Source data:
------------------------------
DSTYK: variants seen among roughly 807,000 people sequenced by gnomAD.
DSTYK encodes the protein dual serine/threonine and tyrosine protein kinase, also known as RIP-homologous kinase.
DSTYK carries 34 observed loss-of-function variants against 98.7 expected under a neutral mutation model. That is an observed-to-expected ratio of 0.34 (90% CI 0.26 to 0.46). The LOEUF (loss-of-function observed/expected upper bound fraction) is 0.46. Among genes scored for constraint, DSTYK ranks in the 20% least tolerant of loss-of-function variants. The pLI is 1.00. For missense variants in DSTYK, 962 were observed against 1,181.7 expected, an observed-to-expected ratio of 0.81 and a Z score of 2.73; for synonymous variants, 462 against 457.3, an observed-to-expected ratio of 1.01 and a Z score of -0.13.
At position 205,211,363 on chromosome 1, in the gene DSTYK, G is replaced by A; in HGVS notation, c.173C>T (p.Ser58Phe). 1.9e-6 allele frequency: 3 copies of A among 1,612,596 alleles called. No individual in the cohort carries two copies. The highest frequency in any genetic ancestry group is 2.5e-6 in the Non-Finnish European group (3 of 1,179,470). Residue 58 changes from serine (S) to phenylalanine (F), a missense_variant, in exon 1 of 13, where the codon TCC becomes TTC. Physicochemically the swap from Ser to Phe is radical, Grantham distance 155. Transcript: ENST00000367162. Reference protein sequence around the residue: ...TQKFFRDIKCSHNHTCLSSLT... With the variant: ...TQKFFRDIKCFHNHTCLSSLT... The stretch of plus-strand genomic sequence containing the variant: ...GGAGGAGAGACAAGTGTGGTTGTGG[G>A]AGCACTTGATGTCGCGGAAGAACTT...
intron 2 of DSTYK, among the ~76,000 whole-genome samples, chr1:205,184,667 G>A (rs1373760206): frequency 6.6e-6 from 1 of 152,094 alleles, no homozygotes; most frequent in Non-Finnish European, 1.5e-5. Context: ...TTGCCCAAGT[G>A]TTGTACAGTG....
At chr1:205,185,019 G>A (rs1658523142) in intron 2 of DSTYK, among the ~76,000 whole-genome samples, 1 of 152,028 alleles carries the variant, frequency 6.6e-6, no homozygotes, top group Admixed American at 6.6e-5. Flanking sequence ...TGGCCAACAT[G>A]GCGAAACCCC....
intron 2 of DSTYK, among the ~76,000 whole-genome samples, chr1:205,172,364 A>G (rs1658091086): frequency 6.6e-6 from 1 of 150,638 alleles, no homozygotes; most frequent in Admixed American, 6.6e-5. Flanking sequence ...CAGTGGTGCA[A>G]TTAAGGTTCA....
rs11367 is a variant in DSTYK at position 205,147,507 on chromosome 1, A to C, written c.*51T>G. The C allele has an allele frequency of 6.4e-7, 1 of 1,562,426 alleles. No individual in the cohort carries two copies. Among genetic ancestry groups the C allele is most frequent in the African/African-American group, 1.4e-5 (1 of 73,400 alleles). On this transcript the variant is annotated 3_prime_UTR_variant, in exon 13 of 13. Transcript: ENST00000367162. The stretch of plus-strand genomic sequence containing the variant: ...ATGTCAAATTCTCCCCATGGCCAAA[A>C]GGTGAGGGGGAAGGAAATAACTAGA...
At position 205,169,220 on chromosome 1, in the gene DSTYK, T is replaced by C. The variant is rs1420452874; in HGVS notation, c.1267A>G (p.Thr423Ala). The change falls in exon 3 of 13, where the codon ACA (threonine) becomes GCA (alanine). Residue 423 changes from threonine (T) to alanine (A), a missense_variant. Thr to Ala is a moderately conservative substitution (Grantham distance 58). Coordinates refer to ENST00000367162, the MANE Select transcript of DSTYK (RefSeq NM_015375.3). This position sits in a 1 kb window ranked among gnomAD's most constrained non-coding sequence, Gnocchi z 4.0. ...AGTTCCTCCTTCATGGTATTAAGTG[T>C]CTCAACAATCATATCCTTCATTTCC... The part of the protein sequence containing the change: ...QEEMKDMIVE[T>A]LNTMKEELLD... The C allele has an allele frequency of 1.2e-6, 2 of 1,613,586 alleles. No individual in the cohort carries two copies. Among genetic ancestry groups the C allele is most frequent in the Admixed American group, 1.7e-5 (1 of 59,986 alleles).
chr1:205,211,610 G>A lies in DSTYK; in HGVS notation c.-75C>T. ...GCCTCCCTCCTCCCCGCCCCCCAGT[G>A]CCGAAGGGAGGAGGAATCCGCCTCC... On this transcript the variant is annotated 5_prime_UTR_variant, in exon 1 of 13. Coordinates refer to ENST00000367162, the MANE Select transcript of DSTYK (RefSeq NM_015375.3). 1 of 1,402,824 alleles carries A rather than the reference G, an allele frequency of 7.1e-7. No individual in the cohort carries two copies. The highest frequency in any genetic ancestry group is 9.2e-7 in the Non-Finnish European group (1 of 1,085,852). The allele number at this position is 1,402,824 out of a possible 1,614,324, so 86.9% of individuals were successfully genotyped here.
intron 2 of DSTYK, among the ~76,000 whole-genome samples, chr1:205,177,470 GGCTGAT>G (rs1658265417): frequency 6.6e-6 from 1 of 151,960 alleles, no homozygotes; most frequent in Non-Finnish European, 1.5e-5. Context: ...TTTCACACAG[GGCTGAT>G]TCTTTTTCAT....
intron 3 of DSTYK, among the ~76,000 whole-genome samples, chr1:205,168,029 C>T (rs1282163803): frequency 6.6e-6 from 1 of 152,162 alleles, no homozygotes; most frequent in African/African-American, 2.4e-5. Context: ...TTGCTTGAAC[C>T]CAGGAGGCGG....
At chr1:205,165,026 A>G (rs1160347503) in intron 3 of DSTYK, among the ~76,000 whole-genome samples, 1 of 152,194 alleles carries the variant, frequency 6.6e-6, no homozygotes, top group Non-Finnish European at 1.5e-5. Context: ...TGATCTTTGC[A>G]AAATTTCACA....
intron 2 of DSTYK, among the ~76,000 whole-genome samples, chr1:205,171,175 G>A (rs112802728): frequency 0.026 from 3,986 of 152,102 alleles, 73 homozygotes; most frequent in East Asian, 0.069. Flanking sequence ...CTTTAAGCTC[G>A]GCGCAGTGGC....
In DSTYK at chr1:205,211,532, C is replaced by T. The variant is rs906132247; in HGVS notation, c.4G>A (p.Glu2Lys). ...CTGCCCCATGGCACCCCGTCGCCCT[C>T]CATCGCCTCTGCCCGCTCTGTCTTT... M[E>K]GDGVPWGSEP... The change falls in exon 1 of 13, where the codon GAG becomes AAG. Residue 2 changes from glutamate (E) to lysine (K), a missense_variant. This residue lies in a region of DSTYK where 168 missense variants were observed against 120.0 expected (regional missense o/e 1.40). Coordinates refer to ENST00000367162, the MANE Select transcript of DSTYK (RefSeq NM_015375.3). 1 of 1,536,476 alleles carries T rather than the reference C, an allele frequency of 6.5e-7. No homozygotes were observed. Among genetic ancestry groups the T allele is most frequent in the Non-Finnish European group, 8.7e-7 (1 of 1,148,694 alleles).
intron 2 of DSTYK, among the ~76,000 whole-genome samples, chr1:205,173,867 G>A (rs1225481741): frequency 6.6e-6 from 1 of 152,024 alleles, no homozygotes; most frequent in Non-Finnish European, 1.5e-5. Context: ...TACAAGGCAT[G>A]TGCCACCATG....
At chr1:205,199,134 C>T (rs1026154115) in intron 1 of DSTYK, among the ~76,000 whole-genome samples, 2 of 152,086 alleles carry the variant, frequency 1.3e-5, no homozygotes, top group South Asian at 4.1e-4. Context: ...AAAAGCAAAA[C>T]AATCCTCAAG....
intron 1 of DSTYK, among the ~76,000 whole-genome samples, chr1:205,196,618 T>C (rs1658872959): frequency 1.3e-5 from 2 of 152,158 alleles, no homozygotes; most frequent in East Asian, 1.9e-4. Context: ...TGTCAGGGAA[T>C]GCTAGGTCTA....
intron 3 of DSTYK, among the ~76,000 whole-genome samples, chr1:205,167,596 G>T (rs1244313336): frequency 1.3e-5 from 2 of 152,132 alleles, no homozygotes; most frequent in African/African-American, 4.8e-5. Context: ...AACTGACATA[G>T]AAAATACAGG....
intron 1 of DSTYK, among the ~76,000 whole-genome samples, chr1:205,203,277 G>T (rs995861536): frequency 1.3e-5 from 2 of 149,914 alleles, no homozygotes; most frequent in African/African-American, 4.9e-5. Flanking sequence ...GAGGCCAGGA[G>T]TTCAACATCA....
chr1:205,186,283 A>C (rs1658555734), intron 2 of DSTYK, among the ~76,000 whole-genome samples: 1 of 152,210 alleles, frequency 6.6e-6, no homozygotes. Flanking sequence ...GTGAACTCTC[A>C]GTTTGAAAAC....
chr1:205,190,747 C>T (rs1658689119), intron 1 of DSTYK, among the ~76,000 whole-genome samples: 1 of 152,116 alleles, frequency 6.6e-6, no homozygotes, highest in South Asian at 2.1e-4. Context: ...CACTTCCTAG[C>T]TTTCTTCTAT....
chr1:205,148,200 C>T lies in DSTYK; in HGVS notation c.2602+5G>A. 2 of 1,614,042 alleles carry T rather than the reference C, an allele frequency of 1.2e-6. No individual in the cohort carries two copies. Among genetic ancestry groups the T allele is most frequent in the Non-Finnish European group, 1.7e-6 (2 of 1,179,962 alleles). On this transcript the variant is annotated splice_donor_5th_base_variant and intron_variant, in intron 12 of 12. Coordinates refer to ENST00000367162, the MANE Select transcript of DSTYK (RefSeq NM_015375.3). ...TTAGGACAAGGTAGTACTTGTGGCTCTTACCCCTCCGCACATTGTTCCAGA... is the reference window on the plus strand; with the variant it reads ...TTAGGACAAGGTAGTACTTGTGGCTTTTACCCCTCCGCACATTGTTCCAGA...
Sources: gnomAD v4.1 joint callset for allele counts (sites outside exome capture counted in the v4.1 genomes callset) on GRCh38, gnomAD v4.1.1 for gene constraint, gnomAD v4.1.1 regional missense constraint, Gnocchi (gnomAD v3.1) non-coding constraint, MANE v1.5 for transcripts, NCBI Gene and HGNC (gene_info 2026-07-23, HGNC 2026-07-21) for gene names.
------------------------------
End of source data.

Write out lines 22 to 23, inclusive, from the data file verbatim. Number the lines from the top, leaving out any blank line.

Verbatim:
chr1:205,190,747 C>T (rs1658689119), intron 1 of DSTYK, among the ~76,000 whole-genome samples: 1 of 152,116 alleles, frequency 6.6e-6, no homozygotes, highest in South Asian at 2.1e-4. Context: ...CACTTCCTAG[C>T]TTTCTTCTAT....
chr1:205,148,200 C>T lies in DSTYK; in HGVS notation c.2602+5G>A. 2 of 1,614,042 alleles carry T rather than the reference C, an allele frequency of 1.2e-6. No individual in the cohort carries two copies. Among genetic ancestry groups the T allele is most frequent in the Non-Finnish European group, 1.7e-6 (2 of 1,179,962 alleles). On this transcript the variant is annotated splice_donor_5th_base_variant and intron_variant, in intron 12 of 12. Coordinates refer to ENST00000367162, the MANE Select transcript of DSTYK (RefSeq NM_015375.3). ...TTAGGACAAGGTAGTACTTGTGGCTCTTACCCCTCCGCACATTGTTCCAGA... is the reference window on the plus strand; with the variant it reads ...TTAGGACAAGGTAGTACTTGTGGCTTTTACCCCTCCGCACATTGTTCCAGA...